So I'm currently a teacher taking graduate courses for my continuing education. I currently pay the amount for the tuition up-front, and my district reimburses me for __% of the total after I have passed the course. However, this is not included on my W-2. I'm not entirely sure what I should enter for the 1098-T form, as it's asking for the total paid to the institution. Do I enter what's on the 1098-T form (how much I originally paid up-front), or what I actually paid (the difference between the tuition total and how much I was reimbursed)? If the former, is there a certain place where I include the amount I was reimbursed?
Yes, there is certain place in the 1098-T entry interview where you are asked about "Employer-provided assistance". When you answer Yes, a box will "open up" for you to enter the Employer-Provided Assistance. Just continue through the interview after you've entered your 1098-T "boxes".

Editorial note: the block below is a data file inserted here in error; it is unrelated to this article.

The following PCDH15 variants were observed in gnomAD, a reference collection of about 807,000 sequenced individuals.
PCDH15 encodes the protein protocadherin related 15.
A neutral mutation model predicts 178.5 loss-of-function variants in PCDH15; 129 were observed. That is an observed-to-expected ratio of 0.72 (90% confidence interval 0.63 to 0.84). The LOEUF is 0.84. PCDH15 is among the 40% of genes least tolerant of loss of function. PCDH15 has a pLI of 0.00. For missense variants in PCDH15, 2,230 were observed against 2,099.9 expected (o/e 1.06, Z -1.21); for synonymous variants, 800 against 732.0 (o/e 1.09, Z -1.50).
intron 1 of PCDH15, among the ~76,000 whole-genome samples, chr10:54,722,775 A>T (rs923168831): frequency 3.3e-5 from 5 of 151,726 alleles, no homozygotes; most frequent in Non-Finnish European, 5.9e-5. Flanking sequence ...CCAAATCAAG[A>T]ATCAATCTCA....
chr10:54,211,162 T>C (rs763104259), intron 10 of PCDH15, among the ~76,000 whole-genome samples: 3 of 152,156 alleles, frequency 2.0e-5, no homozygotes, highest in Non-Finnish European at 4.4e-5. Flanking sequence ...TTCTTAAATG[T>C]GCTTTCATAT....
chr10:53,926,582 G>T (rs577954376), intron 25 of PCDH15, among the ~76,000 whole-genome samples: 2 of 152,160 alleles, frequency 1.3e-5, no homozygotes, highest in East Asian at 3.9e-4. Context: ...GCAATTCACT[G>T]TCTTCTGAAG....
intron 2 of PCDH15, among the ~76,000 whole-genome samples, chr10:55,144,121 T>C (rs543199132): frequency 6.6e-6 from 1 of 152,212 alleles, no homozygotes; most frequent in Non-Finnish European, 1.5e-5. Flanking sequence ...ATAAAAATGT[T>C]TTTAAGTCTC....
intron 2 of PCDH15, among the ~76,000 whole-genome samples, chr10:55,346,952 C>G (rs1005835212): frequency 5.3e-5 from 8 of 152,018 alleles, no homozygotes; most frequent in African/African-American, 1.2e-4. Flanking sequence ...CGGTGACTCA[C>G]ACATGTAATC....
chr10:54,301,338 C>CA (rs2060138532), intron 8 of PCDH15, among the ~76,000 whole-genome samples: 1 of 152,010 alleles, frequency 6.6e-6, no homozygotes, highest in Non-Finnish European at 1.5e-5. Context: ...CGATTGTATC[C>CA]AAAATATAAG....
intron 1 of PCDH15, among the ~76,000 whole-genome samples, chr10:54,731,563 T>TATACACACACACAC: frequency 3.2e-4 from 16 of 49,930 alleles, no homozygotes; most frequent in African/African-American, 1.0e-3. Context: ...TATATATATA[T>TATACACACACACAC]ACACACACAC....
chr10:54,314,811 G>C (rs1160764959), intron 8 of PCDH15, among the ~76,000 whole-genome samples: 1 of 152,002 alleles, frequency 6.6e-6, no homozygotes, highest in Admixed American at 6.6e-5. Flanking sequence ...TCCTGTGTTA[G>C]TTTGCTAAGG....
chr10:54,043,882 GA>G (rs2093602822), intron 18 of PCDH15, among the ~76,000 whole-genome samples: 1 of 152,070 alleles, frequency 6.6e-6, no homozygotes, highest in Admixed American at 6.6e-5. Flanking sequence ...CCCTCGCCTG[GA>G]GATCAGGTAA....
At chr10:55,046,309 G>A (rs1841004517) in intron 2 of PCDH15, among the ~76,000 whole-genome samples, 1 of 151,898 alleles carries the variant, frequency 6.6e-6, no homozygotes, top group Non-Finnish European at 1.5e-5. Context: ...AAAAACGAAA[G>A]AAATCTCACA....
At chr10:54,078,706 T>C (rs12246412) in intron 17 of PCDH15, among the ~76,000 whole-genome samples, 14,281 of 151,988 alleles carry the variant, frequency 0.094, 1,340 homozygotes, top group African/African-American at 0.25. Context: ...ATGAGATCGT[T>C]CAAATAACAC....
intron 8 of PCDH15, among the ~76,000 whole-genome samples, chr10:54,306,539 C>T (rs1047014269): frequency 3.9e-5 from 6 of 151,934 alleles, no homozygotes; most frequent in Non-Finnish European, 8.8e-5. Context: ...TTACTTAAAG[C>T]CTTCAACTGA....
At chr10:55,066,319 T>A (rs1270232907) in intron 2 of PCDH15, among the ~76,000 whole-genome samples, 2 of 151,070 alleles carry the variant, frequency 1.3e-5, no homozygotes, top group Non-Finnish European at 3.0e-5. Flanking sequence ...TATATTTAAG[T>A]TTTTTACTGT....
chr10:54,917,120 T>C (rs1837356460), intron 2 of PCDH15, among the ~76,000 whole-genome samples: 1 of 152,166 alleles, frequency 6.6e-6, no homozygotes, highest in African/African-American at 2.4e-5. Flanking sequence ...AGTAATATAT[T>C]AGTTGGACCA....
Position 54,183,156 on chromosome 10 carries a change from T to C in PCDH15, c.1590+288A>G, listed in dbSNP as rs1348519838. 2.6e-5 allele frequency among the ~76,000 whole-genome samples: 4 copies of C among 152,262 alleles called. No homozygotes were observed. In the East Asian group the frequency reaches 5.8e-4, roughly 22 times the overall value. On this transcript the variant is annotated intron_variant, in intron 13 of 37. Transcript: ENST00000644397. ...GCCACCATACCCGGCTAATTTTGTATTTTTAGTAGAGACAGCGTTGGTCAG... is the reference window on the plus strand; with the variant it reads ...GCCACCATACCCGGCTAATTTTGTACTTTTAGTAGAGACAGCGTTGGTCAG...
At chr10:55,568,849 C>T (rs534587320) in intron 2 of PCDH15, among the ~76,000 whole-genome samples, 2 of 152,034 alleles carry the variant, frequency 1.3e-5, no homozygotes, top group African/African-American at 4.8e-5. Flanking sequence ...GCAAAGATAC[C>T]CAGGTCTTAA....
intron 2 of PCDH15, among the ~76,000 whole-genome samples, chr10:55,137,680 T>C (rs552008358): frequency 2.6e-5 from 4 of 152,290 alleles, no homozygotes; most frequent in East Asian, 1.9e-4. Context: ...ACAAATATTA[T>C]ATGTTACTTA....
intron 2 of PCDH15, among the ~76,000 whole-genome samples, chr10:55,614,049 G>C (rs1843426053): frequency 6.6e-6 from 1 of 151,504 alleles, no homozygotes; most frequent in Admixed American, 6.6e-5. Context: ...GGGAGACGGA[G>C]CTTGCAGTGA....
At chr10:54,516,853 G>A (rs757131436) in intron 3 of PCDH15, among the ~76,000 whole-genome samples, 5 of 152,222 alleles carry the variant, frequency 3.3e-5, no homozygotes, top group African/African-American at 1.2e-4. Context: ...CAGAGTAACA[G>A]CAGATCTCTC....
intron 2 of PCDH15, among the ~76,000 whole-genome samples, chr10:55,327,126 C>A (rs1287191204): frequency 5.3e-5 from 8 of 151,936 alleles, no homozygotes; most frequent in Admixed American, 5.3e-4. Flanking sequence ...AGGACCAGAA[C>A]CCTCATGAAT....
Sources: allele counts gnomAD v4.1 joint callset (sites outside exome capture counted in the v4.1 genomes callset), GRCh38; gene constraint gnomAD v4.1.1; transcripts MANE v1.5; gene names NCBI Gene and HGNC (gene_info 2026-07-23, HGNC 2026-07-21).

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The first $5250 of employer educational assistance is usually tax free, so it will not show on your W-2. So, it's essentially the same as tax free scholarship and you can not count that part in claiming the tuition credit.
To simplify the entry, you can just enter the reimbursement in box 5 at the 1098-T screen (as an alternate to the correct answer above)
Q. What if the amount reimbursed is greater than the $5250 mark, yet none of it is listed on the W-2? Do I claim the difference?
If that's the case, something may be wrong. I'd start by reviewing your W-2 and comparing it to your year end pay stub. It (the excess over $5250) may not be itemized anywhere, on the W-2, and is simply included in the box 1 amount. Next, I'd question my employer as to why it's not on the W-2.
Next it depends on what you mean by "claim it". No, you can't claim it as tuition paid by you with after tax money, if you know it to be tax free money. Do you declare it as income, because it exceeds $5250? No, assume your employer knows what he's doing. For example, although you can not longer deduct job expenses, like continuing education, your employer can. That is, instead of tuition reimbursement, he's calling it job expenses reimbursement.